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1979 The Making of a Super Bowl Legend
Dan Jenkins
February 15, 2006
In the highest-scoring championship to date, Terry Bradshaw was the hero
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February 15, 2006

1979 The Making Of A Super Bowl Legend

In the highest-scoring championship to date, Terry Bradshaw was the hero

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For three quarters and almost six minutes of the fourth on Jan. 21, 1979, Super Bowl XIII, which Pittsburgh wound up winning 35-31, was everything professional football's championship game is supposed to be but rarely is. It had the two best teams, the Pittsburgh Steelers and the Dallas Cowboys, doing amazing things in heroic--and sometimes haphazard, even peculiar--fashion on the damp Orange Bowl turf.

It had Terry Bradshaw passing the Steelers to a quick 7-0 lead on a 28-yard lob to John Stallworth in the end zone at the end of a bang-bang 53-yard drive. It had Bradshaw losing the ball on a fumble, and then three plays later Roger Staubach combining with Tony Hill on a 39-yard touchdown pass that tied the score at 7-7 on the last play of the first quarter. It had Bradshaw, after recovering his own fumble in the backfield, being sandwiched by linebackers Thomas ( Hollywood) Henderson and Mike Hegman, with Henderson pinning Bradshaw's arms while Hegman pickpocketed the ball and ran 37 yards for a touchdown and a 14-7 Dallas lead. It had Bradshaw complaining that his left shoulder was sore and being told by a team doctor that it might be separated.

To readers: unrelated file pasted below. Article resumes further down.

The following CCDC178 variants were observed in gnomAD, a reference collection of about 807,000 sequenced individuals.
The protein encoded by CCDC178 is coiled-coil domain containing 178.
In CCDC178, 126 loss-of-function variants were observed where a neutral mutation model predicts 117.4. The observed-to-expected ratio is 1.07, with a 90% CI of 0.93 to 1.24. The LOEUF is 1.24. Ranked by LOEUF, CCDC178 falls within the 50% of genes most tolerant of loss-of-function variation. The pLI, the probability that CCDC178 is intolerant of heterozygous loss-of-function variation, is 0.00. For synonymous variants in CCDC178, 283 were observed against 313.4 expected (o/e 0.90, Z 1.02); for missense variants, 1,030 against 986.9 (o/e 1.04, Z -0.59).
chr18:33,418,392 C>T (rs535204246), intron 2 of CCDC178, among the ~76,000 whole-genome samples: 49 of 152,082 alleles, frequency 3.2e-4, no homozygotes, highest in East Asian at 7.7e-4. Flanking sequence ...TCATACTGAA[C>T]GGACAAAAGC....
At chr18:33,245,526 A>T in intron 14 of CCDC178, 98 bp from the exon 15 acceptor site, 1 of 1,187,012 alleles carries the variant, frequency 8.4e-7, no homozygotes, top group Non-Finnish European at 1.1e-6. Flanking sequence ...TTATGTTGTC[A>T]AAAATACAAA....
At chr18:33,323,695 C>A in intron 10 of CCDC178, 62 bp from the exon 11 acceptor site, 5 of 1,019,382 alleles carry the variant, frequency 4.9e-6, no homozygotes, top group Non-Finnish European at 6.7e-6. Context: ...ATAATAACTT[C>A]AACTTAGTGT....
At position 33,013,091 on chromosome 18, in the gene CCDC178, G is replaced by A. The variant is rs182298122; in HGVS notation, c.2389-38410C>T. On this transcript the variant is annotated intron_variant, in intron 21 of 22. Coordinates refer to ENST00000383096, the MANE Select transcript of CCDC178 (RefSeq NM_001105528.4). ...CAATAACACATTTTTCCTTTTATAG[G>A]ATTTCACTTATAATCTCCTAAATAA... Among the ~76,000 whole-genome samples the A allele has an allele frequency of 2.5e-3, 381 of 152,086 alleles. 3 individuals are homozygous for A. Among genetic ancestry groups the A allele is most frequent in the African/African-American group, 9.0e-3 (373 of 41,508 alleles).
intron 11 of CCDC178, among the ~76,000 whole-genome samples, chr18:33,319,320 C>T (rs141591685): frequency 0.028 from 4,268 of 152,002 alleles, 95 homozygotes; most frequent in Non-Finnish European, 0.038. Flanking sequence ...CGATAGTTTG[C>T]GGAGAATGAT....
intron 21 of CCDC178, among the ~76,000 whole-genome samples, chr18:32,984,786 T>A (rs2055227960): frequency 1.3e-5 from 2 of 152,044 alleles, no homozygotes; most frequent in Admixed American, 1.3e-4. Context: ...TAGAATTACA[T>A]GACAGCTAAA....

It had Bradshaw immediately returning to the game and throwing a short first-down pass to the ubiquitous Stallworth, who turned it into a 75-yard touchdown as Dallas cornerback Aaron Kyle, who had been burned on the first touchdown, missed a tackle. It had Bradshaw sending Pittsburgh to the locker room with a 21-14 halftime lead by lofting a seven-yard pass to a leaping Rocky Bleier in the end zone.

All game long Bradshaw was the dominant presence. He was mainly responsible for turning XIII into the best Super Bowl game of all as well as the highest-scoring. It was Bradshaw who took ferocious licks from a Dallas defense that sacked him four times. It was Bradshaw who kept playing with an injured shoulder. It was Bradshaw who kept finding Lynn Swann and Stallworth and tight end Randy Grossman just when he needed them.

"Today I relaxed, felt good and had fun," said Bradshaw, who was the unanimous choice for MVP. "I don't need anyone telling me how great or how smart I am, or how smart I'm not. I just tried to go out there and help win a football game."

Which he did--and how.